Cyrille Delpierre
  • E-mail :[email]
  • Phone : 0561145674
  • Location : Toulouse, France
Last update 2022-01-03 12:59:05.968

Cyrille Delpierre PhD in Epidemiology

Course and current status


2013              Habilitation à Diriger des Recherches 

Paul Sabatier University, Toulouse III, France

2006              Ph. D in Epidemiology

Paul Sabatier University, Toulouse III, France

2002              Master in Clinical Epidemiology and Evaluation in health

Henri Poincaré University, Nancy, France

1998              Bachelor Degree in biology

Paul Sabatier University, Toulouse III, France 



January 2021: Director of the Centre for Epidemiology and Research in POPulation health (CERPOP, UMR 1295)

January 2021: Co-director of EQUITY Team member of the CERPOP (UMR 1295)

January 2016: Director of EQUITY Team member of the CERPOP (UMR 1295)

December 2015: Senior Researcher, Inserm, UMR 1027

December 2008: Researcher, Inserm, UMR 558  

2007-2008: Post-doctoral researcher, UMR 558

2006-07: Post-doctoral researcher, Harvard School of Public Health, department of Society, Human Development and Health (with Pr Lisa Berkman)

2002-2006: Doctoral studies in epidemiology, UMR 558, directed by Thierry Lang. PhD thesis on Late HIV diagnosis: risk factors in two national studies (ANRS-EN12-VESPA, NADIS)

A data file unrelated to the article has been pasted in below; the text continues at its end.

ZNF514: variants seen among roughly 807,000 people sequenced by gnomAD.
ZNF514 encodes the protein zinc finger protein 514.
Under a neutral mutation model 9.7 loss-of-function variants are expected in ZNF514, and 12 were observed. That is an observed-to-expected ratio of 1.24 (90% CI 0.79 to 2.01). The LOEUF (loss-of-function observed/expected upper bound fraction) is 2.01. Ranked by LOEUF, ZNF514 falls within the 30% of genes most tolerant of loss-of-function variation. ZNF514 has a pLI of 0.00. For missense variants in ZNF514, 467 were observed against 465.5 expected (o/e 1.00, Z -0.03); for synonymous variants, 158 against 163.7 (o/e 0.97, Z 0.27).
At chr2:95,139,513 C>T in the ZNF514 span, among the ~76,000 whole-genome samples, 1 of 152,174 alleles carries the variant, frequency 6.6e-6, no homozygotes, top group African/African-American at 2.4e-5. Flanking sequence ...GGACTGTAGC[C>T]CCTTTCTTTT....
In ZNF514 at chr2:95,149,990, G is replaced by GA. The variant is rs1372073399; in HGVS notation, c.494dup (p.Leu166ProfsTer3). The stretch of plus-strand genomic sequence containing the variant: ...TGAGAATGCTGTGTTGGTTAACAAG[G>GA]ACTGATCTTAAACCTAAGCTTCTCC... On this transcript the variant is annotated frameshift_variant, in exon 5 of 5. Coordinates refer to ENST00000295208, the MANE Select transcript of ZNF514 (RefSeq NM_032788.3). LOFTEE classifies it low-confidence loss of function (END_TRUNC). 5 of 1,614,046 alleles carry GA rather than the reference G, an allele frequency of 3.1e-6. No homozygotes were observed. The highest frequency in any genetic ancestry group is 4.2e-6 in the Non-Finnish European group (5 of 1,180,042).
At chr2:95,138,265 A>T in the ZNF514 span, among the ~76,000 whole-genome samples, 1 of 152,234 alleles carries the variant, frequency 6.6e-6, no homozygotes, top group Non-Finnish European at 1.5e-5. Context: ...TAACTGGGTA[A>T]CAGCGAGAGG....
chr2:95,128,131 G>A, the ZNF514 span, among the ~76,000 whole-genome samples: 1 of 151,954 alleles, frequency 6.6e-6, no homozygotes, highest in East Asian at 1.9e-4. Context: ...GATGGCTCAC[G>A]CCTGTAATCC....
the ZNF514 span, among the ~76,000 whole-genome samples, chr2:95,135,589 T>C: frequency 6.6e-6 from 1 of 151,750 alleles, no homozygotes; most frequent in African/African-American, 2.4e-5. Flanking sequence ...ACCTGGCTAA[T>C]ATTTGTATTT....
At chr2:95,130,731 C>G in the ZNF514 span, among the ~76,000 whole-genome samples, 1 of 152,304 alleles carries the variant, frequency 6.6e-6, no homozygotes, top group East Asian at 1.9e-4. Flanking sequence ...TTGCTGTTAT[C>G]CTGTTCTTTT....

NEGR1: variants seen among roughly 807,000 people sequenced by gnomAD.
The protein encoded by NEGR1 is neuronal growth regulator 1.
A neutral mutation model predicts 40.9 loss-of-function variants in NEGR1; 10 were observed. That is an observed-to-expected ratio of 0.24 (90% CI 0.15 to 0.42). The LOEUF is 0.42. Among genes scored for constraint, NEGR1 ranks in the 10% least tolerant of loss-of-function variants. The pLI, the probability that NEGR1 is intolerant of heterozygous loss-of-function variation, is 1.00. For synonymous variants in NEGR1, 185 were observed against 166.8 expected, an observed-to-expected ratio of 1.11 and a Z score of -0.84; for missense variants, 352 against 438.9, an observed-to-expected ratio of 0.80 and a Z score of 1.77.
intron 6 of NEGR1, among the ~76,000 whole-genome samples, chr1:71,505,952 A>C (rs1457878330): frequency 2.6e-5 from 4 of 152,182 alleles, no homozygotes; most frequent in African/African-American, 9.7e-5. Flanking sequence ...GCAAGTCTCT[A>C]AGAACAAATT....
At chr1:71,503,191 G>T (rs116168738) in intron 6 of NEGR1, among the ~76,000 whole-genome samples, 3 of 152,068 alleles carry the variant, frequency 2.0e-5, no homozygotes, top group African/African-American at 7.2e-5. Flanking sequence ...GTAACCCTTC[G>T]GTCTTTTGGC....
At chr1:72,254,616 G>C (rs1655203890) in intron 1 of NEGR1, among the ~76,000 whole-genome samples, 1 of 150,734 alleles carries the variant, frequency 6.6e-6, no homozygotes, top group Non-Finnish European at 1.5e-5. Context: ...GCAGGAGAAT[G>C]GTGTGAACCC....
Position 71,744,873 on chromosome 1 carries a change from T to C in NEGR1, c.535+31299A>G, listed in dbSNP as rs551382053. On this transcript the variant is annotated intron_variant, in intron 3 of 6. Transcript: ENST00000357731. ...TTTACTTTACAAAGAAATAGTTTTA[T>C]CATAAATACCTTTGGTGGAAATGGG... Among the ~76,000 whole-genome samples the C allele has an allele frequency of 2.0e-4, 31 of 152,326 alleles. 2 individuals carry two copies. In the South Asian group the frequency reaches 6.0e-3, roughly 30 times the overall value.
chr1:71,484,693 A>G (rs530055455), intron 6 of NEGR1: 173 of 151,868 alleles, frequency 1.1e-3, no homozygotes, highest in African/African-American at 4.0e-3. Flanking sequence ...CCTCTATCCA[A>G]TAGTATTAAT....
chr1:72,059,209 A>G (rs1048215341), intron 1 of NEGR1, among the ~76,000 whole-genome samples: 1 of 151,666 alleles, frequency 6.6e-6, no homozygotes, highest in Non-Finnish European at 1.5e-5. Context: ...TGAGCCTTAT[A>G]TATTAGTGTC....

Scientific summary

I am a senior researcher at the Institut national de la santé et de la recherche médicale (Inserm), I head the Centre for Epidemiology and Research in POPulation Health (CERPOP), and I co-lead the EQUITY research team which studies social inequalities in health. As an epidemiologist, my research focuses on the analysis of the mechanisms of the genesis of social inequalities in health over the life course, particularly in the field of chronic diseases (cancers, HIV). The general objective is to explain the social gradient in health: i) not only by physico-chemical exposures and health behaviours that are socially distributed, but also by psychosocial exposures that may differ according to social environment. In this context, I am interested in the mechanisms by which the social environment, in the broadest sense, is biologically embodied, how it can affect biological functioning and thus favour the development of long-term pathologies; ii) by socially distributed access to and care by the health system.

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